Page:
WASHINGTON (Reuters) - U.S. military advisors have secretly operated in Somalia since around 2007 and Washington plans to deepen its security assistance to help the country fend off threats by Islamist militant group al Shabaab, U.S. officials said.
The comments are the first detailed public acknowledgement of a U.S. military presence in Somalia dating back since the U.S. administration of George W. Bush and add to other signs of a deepening U.S. commitment to Somalia’s government, which the Obama administration recognised last year.
The deployments, consisting of up to 120 troops on the ground, go beyond the Pentagon’s January announcement that it had sent a handful of advisors in October. That was seen at the time as the first assignment of U.S. troops to Somalia since 1993 when two U.S. helicopters were shot down and 18 American troops killed in the “Black Hawk Down” disaster.
The plans to further expand U.S. military assistance coincide with increasing efforts by the Somali government and African Union peacekeepers to counter a bloody seven-year insurgent campaign by the al Qaeda-linked al Shabaab to impose strict Islamic law inside Somalia.
Those U.S. plans include greater military engagement and new funds for training and assistance for the Somali National Army (SNA), after years of working with the African Union Mission in Somalia, or AMISOM, which has about 22,000 troops in the country from Uganda, Kenya, Sierra Leone, Burundi, Djibouti and Ethiopia.
“What you’ll see with this upcoming fiscal year is the beginning of engagement with the SNA proper,” said a U.S. defence official, who declined to be identified. The next fiscal year starts in October.
An Obama administration official told Reuters there were currently up to 120 U.S. military personnel on the ground throughout Somalia and described them as trainers and advisors.
“They’re not involved in combat,” the official told Reuters, speaking on condition of anonymity, adding that until last year, U.S. military advisors had been working with AMISOM troop contributors, as opposed to Somali forces.
President Barack Obama last year determined that Somalia could receive U.S. military assistance.
Another official said American forces over the years had provided advice and assistance in areas related to mission planning, small unit tactics, medical care, human rights and communications. The official said U.S. forces in Somalia have also facilitated coordination, planning and communication between AMISOM troop contributors and Somali security forces.
The comments expand upon a little noticed section of a speech given early in June by Wendy Sherman, under secretary of state for political affairs. She publicly acknowledged that a “small contingent of U.S. military personnel” including special operations forces had been present in parts of Somalia for several years.
Still, it was not immediately clear from her remarks the extent to which U.S. personnel had been operating.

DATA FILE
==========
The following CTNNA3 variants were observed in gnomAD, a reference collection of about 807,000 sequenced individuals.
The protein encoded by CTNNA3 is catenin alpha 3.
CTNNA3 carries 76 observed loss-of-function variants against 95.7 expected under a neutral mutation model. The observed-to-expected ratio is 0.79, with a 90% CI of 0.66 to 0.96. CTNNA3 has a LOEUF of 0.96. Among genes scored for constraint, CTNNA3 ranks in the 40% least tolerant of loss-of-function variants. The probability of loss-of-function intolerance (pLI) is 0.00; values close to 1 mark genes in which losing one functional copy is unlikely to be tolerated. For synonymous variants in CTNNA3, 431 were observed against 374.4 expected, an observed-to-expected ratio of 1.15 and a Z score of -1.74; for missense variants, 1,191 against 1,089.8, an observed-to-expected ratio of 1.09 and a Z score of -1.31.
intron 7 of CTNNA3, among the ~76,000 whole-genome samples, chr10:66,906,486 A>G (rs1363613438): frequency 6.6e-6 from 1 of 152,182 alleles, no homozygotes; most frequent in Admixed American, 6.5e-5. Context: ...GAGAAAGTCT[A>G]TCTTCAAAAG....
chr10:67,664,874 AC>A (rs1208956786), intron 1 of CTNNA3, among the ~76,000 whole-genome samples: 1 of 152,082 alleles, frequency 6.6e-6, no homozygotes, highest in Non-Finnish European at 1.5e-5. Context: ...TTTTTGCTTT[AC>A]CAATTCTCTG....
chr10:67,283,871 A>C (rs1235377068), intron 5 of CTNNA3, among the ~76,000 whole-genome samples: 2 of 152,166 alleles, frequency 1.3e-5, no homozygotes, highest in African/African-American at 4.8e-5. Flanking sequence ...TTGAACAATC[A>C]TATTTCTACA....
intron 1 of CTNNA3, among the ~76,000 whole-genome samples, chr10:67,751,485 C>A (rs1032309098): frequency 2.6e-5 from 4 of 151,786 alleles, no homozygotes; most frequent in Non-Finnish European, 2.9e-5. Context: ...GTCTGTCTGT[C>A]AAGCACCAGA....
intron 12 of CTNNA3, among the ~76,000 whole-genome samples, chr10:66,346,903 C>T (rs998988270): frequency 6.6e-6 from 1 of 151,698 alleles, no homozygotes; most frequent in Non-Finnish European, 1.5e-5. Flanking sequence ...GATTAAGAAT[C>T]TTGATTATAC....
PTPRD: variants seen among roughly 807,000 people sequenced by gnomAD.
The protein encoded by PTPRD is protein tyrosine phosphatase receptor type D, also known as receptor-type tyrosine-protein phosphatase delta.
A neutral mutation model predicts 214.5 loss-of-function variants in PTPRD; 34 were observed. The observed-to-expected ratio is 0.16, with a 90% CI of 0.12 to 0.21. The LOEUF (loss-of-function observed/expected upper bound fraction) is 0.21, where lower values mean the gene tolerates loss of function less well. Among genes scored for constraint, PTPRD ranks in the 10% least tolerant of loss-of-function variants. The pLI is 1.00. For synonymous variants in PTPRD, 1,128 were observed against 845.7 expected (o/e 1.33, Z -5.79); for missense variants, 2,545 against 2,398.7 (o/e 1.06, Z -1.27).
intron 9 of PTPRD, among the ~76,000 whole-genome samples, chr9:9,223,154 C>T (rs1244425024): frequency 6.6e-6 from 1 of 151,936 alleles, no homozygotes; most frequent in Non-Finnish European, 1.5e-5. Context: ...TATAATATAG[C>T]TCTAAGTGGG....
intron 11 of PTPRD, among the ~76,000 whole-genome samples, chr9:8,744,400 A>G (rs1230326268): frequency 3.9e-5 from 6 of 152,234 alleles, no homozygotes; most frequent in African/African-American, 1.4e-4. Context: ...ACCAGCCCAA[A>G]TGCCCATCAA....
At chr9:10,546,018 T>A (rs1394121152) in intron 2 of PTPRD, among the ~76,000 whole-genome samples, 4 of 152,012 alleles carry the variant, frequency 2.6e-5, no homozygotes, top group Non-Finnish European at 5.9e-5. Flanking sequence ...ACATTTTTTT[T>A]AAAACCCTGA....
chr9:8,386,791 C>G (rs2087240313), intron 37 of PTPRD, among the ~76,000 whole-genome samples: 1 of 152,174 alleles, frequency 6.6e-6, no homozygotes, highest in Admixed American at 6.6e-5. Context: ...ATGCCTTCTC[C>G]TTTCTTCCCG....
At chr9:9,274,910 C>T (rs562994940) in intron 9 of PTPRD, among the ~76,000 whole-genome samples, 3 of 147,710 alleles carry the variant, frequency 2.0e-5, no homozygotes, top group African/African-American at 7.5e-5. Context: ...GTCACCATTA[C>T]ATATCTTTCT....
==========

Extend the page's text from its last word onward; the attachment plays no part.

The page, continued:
U.S. special operations forces have staged high-profile raids in the past in Somalia, including an aborted attempt in October to capture an al Shabaab operative in the militant group’s stronghold of Barawe. U.S. officials have acknowledged Washington’s support for AMISOM and Somalia’s struggle against al Shabaab.
U.S. Central Intelligence Agency officials have been known to operate in the country.
U.S. troop numbers on the ground in Somalia vary over time, the officials told Reuters. Deployments are “staggered” and “short-term,” one official said. But the Obama administration official added that there was overlap in the deployments to allow for a persistent presence on the ground.
Asked about where U.S. forces were deployed, the administration official said they were “in locations throughout Somalia” but declined to elaborate further for security reasons.
The official declined to say precisely when the first U.S. military forces went back into Somalia, saying: “It was around 2007” and in support of AMISOM.
Asked about why Sherman chose to disclose the information, a State Department official told Reuters: “In the past, our assessment of the security situation in Somalia informed our decision to err on the side of force protection concerns and not divulge their presence.”
That’s changed, the official said. “We do not currently believe that acknowledging the U.S. presence will increase the already high threat to our personnel and citizens operating in Somalia.”
The announcement also reflects a deepening of the U.S.-Somali relationship and comes as the United States prepares to name its first ambassador for Somalia since 1993, who would initially be based out of the country due to security concerns.
“Absolutely there’s been a shift” in the relationship, an Obama administration official said.
Military trainers from the European Union are already on the ground in Somalia training soldiers after shifting their operations at the end of last year to Mogadishu from Uganda, where troops were previously drilled.
Additional reporting by Edmund Blair in Nairobi. Editing by Jason Szep and Peter Henderson